Lords of Poverty: The Power, Prestige, and Corruption of the International Aid Business

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Atlantic Monthly Press, 1989 - Business & Economics - 234 pages
4 Reviews
Each year some sixty billion dollars are spent on foreign aid throughout the world. Whether in donations to charities such as Save the Children, Oxfam, CARE, UNICEF, or the Red Cross, in the form of enormous loans from the World Bank, or as direct payments from one government to another, the money is earmarked for the needy, for relief in natural disasters--floods or famines, earthquakes, or droughts--and for assistance in the development of nations.

The magnitude of generosity from the world’s wealthy nations suggests the possibility of easing, if not eliminating, hunger, misery, and poverty; in truth, however, only a small portion of this sixty billion dollars is ever translated into direct assistance. Thanks to bureaucratic inefficiency, misguided policies, large executive salaries, political corruption, and the self-perpetuating "overhead” of the administrative agencies, much of this tremendous wealth is frittered away, as Graham Hancock’s alarming and comprehensive book reveals. Hancock cuts through the smoke screens and hot air of the "aristocracy of mercy” to provide a critical look at a multinational business that has never been subject to strict accountability.

Lords of Poverty is a case study in betrayals of a public trust. The shortcomings of aid are numerous, and serious enough to raise questions about the viability of the practice at its most fundamental levels. Hancock’s report is thorough, deeply shocking, and certain to cause critical reevaluation--of the government’s motives in giving foreign aid, and of the true needs of our intended beneficiaries.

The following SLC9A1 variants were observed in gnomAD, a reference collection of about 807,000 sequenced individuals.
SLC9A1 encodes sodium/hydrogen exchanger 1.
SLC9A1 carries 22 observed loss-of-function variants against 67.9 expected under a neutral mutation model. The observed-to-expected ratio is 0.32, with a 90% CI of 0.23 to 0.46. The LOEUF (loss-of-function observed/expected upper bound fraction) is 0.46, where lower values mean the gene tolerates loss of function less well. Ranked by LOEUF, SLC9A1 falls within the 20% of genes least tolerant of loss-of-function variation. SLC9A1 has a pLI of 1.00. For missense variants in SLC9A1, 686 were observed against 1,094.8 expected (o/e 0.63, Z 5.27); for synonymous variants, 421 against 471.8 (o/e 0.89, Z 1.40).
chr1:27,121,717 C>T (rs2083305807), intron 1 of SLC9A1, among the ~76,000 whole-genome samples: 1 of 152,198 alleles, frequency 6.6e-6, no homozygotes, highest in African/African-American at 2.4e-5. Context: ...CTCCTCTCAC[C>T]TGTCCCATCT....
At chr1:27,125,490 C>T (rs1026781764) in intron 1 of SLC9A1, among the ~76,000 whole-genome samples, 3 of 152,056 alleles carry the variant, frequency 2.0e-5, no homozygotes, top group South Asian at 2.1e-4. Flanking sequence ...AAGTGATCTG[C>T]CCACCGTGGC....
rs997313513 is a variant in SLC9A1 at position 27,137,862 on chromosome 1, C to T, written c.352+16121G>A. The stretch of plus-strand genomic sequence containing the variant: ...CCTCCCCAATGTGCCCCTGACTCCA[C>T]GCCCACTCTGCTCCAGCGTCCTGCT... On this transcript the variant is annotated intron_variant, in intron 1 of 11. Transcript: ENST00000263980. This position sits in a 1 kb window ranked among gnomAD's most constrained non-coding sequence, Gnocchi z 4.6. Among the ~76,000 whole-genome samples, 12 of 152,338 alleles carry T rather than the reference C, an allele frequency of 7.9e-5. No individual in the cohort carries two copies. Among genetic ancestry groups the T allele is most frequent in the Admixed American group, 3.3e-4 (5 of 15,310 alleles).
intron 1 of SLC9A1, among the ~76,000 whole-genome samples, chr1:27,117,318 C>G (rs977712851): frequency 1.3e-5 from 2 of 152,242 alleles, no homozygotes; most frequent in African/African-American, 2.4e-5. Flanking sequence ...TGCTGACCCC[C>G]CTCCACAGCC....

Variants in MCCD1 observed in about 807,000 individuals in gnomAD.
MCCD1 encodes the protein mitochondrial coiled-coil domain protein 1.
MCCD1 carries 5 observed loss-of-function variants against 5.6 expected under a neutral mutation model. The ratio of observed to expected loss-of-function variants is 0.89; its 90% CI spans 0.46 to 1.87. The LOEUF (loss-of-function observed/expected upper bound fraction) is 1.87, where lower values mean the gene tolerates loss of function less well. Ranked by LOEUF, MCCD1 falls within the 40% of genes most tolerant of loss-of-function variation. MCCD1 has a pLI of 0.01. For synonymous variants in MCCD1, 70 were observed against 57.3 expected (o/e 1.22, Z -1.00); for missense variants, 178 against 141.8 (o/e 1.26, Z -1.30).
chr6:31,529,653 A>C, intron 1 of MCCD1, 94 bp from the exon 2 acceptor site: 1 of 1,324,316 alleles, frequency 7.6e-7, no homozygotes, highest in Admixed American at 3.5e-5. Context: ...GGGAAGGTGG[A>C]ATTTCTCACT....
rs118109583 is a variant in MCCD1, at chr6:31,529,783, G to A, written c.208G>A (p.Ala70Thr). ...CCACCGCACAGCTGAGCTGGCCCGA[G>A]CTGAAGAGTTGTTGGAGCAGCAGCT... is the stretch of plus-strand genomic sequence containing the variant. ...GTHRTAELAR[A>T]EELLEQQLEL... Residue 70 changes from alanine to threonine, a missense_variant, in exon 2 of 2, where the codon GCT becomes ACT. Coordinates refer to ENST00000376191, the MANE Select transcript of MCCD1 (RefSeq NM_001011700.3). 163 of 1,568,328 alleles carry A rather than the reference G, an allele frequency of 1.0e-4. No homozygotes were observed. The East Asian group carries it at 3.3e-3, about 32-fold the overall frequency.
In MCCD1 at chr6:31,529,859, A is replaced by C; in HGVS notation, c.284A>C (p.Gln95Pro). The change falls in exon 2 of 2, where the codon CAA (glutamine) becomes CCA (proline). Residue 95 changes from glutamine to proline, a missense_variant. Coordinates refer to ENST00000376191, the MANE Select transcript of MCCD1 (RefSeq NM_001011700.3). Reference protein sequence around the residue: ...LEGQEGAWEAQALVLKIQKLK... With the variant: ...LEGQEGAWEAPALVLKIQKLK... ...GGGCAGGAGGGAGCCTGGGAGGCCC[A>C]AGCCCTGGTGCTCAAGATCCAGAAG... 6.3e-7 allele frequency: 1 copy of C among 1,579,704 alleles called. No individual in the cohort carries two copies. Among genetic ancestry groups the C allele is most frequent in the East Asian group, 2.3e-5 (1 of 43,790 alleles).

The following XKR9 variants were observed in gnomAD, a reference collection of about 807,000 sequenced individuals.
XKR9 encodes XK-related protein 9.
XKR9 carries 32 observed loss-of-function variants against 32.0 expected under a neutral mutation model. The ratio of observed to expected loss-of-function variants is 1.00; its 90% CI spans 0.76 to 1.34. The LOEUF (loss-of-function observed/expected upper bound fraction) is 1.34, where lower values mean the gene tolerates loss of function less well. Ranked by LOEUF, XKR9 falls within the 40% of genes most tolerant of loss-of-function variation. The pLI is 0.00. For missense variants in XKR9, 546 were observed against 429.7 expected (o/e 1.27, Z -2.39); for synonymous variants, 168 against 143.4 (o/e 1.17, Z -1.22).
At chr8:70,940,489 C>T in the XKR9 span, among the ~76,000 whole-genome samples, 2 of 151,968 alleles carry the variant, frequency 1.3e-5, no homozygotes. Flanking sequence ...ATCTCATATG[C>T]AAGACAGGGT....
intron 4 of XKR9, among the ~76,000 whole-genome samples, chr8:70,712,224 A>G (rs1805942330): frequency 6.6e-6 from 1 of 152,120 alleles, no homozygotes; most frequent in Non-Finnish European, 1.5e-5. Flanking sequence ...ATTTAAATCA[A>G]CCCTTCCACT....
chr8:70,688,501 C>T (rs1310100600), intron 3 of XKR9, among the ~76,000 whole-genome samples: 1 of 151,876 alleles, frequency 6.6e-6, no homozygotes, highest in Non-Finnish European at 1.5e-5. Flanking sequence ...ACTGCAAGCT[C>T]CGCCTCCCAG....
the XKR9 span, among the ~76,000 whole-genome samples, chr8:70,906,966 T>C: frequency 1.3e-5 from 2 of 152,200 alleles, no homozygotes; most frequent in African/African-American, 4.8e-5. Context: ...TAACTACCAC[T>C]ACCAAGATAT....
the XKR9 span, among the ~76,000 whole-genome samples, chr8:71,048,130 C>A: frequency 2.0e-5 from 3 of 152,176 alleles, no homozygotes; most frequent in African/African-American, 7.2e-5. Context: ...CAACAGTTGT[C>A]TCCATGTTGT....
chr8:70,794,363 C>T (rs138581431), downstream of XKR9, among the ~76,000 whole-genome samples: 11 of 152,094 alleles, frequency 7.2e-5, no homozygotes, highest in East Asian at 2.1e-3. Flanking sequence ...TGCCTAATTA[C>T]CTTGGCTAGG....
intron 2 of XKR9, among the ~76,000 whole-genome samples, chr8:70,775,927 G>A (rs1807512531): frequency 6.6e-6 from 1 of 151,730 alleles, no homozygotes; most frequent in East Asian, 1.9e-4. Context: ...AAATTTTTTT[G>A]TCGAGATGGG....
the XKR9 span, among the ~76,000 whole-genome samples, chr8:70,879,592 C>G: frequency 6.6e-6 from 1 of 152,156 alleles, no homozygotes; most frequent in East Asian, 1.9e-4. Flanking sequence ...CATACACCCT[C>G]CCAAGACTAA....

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LibraryThing Review

User Review  - ElizabethPisani - LibraryThing

The Lords of Poverty is a classic despite itself. It covers a lot of interesting ground, and is full of good ammunition to aim at the folly of the world's misguided do-gooders. But a little more gentle irony and a lot less outraged hectoring would make the same point more enjoyably. Read full review

Review: Lords of Poverty

User Review  - Aaron Crossen - Goodreads

I'll finish this one day Read full review


PART TWO Development Incorporated
PART THREE The Aristocracy of Mercy
PART FOUR The Midas Touch
PART FIVE Winners and Losers

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About the author (1989)

Author and journalist Graham Hancock was an East African correspondent for the Economist and covered the Ogaden war between Somalia and Ethiopia for the London Sunday Times. Hancock has written a number of books, among them African Ark: Peoples of the Horn, Lords of Poverty, (which earned an honorable mention for the H.L. Mencken Award for outstanding book of journalism in 1990), Journey Through Pakistan, and the international bestseller The Sign and the Seal, which documents Hancock's real-life quest for the lost Ark of the Covenant. Also the author of the top bestseller, Fingerprints of the Gods, Hancock has appeared on television with Michael Palin in his Pole to Pole series. He has also made appearances on the BBC, CNN, and the National Geographic's Explorer series to discuss stories related to his book The Sign and the Seal.

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